News Release Article from  Environment and Climate Change Canada

Canada announces $10 million to support investments in Climate Risk and Early Warning Systems (CREWS)

December 1st, 2015 – Paris, France  – Environment Canada and Climate Change Canada

Today, speaking at the launch of the Climate Risk and Early Warning Systems (CREWS), the Honourable Catherine McKenna, Minister of Environment and Climate Change, announced Canada’s contribution of $10 million to support the improvement early warning systems in some of the most vulnerable communities.

Canada’s contribution will be delivered through the World Meteorological Organization (WMO) to improve Multi-Hazard Early Warning Systems in developing countries, particularly the small island developing states and least developed countries. These systems have been proven to reduce loss of life and economic hardship caused by meteorological hazards such as tropical cyclones, floods, severe storms, forest fires, and heat waves.

Today’s announcement is part of Canada’s historic pledge of $2.65 billion over the next five years to support developing countries” transition to low carbon economies and help them adapt to the changing climate. This is the most significant Canadian climate finance contribution ever.


“Over 80 % of natural disasters worldwide are climate-induced. Yet over 80 % of the world’s population does not have access to early warning systems that can help save lives. Better early warning systems, particularly for the most vulnerable countries like small island states, that are facing an increasing number of extreme weather and climate events caused by climate change, can make a real difference.”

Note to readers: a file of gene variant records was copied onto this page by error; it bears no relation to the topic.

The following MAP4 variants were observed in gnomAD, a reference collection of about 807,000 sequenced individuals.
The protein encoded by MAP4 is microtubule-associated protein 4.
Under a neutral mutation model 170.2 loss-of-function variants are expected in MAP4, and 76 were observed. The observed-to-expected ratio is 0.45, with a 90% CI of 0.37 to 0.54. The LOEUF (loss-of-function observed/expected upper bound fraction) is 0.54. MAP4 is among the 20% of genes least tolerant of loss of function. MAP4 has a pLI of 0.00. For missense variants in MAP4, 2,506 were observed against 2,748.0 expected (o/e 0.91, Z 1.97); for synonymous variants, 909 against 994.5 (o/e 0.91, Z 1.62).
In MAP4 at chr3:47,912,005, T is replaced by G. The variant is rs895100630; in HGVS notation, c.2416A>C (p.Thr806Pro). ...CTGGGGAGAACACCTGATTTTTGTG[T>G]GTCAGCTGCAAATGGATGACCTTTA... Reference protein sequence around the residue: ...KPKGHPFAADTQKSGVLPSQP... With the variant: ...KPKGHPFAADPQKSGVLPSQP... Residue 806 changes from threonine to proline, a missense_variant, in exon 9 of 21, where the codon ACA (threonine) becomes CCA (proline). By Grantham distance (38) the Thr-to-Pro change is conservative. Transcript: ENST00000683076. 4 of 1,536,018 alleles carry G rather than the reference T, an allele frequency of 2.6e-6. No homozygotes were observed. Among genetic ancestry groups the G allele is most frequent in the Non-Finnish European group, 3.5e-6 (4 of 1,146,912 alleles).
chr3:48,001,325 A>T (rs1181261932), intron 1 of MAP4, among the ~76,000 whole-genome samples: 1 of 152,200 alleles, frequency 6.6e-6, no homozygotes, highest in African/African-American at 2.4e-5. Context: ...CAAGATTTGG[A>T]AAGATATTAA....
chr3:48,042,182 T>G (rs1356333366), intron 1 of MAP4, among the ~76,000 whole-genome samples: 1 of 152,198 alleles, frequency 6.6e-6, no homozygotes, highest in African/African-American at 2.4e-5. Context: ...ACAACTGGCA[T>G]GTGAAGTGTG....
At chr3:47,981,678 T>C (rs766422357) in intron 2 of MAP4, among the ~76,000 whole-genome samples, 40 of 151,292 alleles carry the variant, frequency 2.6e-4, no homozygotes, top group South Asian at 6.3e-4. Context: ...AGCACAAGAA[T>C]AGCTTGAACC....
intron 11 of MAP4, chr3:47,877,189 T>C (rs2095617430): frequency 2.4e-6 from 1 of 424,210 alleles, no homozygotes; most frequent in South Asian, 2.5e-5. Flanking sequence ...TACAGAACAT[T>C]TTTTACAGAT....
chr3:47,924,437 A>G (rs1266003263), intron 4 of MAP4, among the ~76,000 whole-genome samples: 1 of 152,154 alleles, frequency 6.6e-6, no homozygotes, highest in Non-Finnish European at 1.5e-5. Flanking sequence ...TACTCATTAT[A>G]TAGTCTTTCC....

– The Honourable Catherine McKenna, Minister of Environment and Climate Change

Quick Facts

  • Investments in weather forecasting technologies can lead to improved accuracy and timeliness of warnings, resulting in significant improvements for preparedness.
  • Many countries in the developing world only have rudimentary Early Warning Systems in place to assist their citizenry in preparing for extreme weather events.
  • CREWS will effectively generate and communicate impact-based early warnings and deliver risk information for hazardous hydro-meteorological and climate events.  

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